The gay-themed comedy "Billy's Hollywood Screen Kiss" stops being funny about midway through the opening credits. The movie itself, however, continues for another 85 minutes.
That's not to say the film doesn't try to be better than most of its competition. But all too often it stoops to the same negative heterosexual stereotypes that others have included and relies on soap opera-like contrivances to propel its slight subject matter.
And frankly, the cast and the audience deserves better. Relative unknowns Sean P. Hayes, who plays the film's ingratiating lead character, and Brad Rowe, who bears a striking resemblance to Brad Pitt, are appealing performers. But they're sunk by writer-director Tommy O'Haver's script, which thinks it's funnier than it is.
Hayes stars as Billy Collier, a gay photographer living in Hollywood who is at the end of his rope financially and romantically. To help him pull out of his funk, friends persuade him to finally start work on his dream project, a series of photos recreating romantic scenes from film classics, using an all-male cast (including drag queens).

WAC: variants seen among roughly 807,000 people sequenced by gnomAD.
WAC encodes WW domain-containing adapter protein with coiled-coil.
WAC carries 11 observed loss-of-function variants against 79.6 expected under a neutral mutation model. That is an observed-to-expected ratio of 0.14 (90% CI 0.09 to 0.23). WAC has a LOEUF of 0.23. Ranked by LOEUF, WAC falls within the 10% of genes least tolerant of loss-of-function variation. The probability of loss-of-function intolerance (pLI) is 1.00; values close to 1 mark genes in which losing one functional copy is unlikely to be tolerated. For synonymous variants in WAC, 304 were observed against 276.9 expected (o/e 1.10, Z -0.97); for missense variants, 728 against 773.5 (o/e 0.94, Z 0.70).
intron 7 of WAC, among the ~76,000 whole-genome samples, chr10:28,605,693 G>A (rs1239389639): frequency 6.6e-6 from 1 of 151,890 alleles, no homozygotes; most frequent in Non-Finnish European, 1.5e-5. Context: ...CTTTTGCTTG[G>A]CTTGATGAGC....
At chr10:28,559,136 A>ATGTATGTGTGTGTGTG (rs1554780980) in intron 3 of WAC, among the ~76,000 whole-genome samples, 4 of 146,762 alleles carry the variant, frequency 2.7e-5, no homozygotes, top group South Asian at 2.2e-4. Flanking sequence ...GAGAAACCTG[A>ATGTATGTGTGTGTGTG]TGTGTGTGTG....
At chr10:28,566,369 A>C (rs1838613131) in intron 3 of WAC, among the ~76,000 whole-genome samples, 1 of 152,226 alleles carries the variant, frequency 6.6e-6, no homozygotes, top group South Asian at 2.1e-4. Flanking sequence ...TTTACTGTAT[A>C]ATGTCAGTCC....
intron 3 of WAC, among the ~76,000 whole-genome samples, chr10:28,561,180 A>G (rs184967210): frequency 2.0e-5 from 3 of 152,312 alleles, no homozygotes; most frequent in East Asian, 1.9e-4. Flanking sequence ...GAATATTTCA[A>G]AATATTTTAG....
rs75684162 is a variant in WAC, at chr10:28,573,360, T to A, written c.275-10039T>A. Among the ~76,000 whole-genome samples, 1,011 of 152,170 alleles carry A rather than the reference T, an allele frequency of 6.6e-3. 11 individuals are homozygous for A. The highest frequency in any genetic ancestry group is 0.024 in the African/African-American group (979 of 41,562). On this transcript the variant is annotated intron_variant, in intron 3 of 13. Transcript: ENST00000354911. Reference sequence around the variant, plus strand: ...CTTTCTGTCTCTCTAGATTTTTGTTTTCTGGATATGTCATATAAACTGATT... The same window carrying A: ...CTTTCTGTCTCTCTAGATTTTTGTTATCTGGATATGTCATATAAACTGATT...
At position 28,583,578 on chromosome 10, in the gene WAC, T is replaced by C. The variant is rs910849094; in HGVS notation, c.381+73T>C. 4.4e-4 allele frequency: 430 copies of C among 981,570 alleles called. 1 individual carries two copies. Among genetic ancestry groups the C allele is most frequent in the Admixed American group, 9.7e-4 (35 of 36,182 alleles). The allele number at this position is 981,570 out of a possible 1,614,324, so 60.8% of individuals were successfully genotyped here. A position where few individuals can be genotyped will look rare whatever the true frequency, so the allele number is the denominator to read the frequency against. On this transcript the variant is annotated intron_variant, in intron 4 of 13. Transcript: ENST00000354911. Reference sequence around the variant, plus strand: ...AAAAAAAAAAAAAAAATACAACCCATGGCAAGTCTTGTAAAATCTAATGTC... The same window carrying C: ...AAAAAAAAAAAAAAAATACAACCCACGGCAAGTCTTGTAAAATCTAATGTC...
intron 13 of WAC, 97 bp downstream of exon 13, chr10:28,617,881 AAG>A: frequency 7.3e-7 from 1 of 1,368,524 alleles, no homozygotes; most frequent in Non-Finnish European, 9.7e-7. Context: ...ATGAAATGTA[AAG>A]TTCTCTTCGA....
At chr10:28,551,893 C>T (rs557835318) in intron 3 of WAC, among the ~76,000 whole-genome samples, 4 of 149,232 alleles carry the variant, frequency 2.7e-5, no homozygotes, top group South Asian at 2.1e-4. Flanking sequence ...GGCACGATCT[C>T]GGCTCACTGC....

And he finds the perfect model in Gabriel (Rowe), a hunky coffeehouse employee. But complications ensue when Billy finds himself falling for Gabriel, who seems a bit unsure of his sexuality.
What happens next is supposed to be surprising but won't exactly startle anyone who's paying attention. That air of predictability that pervades the film (even fantasy sequences aren't exactly innovative). And despite its pretentions to be "romantic" and stereotype-shattering, the movie doesn't really succeed in either endeavor.
To their credit, Hayes and Rowe try to make the material work. But their efforts and those of talented newcomer Meredith Scott Lynn, who plays Billy's wisecracking roommate are wasted.
"Billy's Hollywood Screen Kiss" is rated R for profanity, vulgar gestures and use of vulgar slang terms, simulated drug use, male and female nudity and brief simulated gay sex.